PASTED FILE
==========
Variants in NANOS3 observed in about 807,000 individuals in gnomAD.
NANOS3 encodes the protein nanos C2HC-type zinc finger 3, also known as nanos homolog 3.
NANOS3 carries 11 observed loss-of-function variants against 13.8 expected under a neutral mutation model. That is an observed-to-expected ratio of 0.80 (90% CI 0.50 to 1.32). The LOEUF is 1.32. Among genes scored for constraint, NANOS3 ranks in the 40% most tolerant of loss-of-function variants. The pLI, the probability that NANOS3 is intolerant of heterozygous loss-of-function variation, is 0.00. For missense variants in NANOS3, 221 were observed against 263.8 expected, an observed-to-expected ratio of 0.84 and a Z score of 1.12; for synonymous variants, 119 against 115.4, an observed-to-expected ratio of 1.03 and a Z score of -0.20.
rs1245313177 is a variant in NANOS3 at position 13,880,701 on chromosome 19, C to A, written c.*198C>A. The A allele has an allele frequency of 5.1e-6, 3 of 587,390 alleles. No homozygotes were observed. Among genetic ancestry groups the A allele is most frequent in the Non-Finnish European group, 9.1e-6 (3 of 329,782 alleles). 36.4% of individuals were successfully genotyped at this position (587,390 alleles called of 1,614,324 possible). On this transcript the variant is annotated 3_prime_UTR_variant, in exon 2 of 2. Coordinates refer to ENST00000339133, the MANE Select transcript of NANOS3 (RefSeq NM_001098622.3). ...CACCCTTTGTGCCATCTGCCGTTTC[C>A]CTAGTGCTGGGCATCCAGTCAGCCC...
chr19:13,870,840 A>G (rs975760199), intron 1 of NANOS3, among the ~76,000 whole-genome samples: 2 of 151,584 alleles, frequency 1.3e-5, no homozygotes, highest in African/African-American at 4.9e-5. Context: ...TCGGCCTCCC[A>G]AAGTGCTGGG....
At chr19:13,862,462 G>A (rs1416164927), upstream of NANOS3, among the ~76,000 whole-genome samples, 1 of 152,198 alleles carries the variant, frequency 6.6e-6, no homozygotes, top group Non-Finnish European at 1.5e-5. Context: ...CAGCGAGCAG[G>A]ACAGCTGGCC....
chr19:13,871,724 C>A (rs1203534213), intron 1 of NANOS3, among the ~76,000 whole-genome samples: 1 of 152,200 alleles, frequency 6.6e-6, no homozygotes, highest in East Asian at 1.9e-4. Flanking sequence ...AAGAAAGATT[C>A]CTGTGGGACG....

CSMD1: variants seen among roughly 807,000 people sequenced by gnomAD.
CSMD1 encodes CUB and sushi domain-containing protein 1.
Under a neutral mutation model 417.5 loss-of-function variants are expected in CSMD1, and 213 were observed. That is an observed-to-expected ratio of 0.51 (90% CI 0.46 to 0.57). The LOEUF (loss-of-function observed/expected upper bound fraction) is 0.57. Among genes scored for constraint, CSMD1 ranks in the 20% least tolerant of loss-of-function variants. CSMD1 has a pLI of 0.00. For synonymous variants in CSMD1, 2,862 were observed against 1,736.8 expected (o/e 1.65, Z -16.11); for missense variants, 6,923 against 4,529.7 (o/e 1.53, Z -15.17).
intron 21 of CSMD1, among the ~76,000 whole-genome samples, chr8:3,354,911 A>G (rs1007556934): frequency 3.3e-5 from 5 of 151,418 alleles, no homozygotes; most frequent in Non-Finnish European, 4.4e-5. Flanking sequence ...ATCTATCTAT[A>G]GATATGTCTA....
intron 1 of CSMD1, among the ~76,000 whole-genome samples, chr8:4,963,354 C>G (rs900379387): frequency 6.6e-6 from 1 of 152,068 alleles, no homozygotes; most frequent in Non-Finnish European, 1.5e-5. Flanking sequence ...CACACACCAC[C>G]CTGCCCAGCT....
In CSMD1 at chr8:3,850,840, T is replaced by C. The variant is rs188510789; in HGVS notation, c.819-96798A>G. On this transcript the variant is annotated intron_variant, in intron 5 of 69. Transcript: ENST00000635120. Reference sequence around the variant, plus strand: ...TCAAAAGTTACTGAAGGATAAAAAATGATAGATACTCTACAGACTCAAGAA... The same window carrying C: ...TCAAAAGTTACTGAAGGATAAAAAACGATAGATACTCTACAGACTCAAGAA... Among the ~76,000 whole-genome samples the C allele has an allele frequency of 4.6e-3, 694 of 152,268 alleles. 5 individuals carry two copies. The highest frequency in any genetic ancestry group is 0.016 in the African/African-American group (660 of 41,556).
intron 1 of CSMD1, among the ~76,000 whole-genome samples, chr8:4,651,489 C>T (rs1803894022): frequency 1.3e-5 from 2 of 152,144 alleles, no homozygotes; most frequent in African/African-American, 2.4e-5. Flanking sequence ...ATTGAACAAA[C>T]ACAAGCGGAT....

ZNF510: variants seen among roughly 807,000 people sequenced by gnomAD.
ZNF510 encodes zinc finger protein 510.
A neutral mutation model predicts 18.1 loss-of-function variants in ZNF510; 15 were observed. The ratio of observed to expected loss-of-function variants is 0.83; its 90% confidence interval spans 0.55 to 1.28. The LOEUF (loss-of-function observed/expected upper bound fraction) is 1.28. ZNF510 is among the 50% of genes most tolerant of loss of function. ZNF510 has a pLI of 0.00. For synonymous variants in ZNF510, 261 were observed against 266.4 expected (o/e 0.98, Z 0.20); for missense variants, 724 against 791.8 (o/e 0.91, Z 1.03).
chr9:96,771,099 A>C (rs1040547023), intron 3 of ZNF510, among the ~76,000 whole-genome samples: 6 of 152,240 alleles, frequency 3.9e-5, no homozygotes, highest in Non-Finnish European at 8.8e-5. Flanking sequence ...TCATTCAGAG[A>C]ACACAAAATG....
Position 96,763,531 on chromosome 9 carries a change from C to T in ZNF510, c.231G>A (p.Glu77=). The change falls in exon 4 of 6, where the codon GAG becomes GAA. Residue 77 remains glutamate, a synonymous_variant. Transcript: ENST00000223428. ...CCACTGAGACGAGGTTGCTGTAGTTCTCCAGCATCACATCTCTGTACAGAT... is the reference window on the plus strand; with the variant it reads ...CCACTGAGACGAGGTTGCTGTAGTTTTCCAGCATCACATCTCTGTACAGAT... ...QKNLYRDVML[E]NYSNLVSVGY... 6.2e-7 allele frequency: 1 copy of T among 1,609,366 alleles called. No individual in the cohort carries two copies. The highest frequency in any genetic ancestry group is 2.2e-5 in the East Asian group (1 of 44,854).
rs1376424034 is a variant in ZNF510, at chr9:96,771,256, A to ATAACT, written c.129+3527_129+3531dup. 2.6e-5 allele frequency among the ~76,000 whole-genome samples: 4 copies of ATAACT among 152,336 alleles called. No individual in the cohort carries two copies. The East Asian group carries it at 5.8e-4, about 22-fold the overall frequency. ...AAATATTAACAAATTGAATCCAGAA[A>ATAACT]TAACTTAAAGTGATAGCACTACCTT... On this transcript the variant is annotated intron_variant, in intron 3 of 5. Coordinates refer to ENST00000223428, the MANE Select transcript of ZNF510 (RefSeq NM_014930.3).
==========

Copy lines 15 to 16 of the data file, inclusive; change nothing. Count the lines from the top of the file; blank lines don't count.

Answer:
ZNF510: variants seen among roughly 807,000 people sequenced by gnomAD.
ZNF510 encodes zinc finger protein 510.